One Laptop per Child Beats the Odds

When Nicholas Negroponte launched One Laptop per Child in 2005, he was variously called an idealist and an imperialist for his idea: a nonprofit education-based initiative to help the world’s poorest countries disseminate laptop computers to millions of children — at $100 per unit.

Three years later, you can call him effective. Production of OLPC’s specially designed, kid-friendly XO laptop — rugged, low-wattage, with handles for easy toting — began in November 2007. Today, OLPC has large purchase agreements in Uruguay and Peru, for a total of 1.7 million computers. There are also test deployments in Cambodia, Afghanistan, Ethiopia, Haiti, Mongolia and Rwanda.

Lawrence Blau, a New York-based accountant who volunteered with kids in Cambodia, has seen the XO in action. “The children loved them and they were doing very creative things with them,” he says. “There was one girl, around 11 or 12, whose father had a fish farm. She’d walk one hour to the fish pond to turn on a light to attract bugs and she’d walk one hour back to the village.” Blau says the girl ultimately learned how to put a sensor on the light and use the laptop to turn it on and off.

“It was a miracle in the middle of a real third-world situation,” he says.

Making miracles hasn’t been easy for One Laptop per Child. In late 2006, OLPC chairman Negroponte realized he would need more than altruism to convince world leaders to buy computers for each of their countries’ school kids. So he engaged public relations company Racepoint Group to introduce his foundation’s mission to the world.

“One of our main objectives was to help shape global opinion,” says Jackie Lustig, svp at Racepoint.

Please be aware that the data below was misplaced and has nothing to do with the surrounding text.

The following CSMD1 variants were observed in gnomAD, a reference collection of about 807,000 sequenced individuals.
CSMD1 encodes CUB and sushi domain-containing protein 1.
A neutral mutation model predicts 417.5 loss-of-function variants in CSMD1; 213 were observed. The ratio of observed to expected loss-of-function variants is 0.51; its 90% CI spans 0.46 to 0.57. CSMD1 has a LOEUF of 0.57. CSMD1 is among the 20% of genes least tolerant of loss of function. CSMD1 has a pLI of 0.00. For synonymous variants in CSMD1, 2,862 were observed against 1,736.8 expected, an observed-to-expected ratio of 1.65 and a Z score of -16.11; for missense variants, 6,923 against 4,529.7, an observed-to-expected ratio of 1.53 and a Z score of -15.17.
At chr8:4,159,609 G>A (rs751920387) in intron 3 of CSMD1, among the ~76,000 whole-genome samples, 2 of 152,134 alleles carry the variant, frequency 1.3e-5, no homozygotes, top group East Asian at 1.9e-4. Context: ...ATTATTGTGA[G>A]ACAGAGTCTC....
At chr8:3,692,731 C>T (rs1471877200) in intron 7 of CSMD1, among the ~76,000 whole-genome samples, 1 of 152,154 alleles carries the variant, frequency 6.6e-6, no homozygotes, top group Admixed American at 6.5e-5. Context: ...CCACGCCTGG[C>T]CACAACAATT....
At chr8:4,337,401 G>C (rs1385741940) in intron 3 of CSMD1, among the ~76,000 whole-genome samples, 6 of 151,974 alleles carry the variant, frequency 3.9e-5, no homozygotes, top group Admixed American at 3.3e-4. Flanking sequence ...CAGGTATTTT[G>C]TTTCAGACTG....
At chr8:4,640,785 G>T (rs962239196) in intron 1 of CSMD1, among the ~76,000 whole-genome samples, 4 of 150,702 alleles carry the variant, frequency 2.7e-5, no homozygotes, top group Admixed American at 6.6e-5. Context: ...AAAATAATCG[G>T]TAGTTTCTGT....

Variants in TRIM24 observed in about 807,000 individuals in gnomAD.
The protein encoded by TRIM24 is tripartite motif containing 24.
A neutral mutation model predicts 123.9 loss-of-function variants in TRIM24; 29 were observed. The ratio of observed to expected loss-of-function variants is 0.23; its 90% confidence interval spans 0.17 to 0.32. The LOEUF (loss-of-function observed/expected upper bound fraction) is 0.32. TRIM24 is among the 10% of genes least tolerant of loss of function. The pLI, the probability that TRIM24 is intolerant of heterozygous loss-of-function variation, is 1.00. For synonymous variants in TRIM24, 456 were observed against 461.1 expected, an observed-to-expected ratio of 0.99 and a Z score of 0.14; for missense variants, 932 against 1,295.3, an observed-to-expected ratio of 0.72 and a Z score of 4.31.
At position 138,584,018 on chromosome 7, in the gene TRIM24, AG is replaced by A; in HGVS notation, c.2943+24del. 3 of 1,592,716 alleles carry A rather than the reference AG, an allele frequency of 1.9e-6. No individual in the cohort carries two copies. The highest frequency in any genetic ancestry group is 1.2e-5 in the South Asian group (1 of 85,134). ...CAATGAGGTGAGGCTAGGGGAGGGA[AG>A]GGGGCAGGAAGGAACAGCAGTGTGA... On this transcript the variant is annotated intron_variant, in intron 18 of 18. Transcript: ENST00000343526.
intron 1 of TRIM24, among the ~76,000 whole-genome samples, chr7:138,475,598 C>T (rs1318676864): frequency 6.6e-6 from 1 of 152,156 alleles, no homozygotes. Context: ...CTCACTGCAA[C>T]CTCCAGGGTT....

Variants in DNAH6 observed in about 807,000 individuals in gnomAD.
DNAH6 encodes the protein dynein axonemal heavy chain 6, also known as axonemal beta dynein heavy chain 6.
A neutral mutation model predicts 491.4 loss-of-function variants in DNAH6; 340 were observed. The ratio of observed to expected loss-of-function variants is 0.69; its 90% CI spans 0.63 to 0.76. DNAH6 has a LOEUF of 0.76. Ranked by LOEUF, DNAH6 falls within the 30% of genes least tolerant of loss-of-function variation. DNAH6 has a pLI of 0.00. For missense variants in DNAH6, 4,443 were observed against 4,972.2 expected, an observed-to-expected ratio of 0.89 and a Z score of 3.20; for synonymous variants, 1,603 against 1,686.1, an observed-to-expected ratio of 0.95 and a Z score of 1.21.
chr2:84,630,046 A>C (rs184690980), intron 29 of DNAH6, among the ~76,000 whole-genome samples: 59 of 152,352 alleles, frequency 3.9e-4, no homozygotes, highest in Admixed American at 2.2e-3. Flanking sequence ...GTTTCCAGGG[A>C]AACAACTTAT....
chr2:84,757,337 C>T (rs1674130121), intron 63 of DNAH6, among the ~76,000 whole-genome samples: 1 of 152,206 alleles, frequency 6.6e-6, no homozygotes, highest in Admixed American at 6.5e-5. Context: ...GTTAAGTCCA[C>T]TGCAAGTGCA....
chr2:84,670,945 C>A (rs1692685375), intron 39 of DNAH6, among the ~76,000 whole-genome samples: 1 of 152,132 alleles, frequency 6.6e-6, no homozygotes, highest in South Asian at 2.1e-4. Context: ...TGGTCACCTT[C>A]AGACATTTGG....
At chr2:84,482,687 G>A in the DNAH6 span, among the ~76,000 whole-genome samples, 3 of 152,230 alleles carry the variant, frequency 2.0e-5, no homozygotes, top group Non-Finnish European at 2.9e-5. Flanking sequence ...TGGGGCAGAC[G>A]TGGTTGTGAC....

Lustig says Negroponte had simply been going around by himself, from country to country, trying to convince governments to sign on. Although OLPC “informally coordinates” with the United Nations, Negroponte “realized that he needed a global communications program to open the doors for him, so that he could go in and make the sale,” she says.

To that end, Lustig and her team rolled out a series of public service announcements in the United States and Canada that illustrated OLPC’s goal to manufacture, distribute and deliver the laptops to participating countries. One PSA features Negroponte relaying a success story. As an image appears of a computer screen glowing in a darkened room, he says, “Families loved it because it was the brightest light source in the household. Talk about a metaphor in reality.”

Lustig says her early media relations efforts also entailed defending OLPC against corporations that saw it as a threat.

“It became clear to major technology companies — including Intel and Microsoft — that OLPC might actually be able to develop a laptop that could get into the hands of 1 billion children worldwide,” Lustig says. “First, they kind of pooh-poohed the whole project, but as they began to see that it could come to fruition, they suddenly got very concerned about their own market opportunity.”

Lustig says Intel had begun a campaign to discredit OLPC. “So the PR program had to help combat those attacks,” she says.

The giant chip maker joined the OLPC project in July 2007 and quit six months later amid friction over how aggressively it should promote its Classmate PC, another low-cost model designed for what it calls “emerging markets.”

Lustig says her communications efforts involved “exposing Intel’s tactics through the media.” She cites a May 2007 60 Minutes interview in which Negroponte calls Intel “predatory” for trying to sell its Classmate PCs to the same governments he had approached with his nonprofit laptops.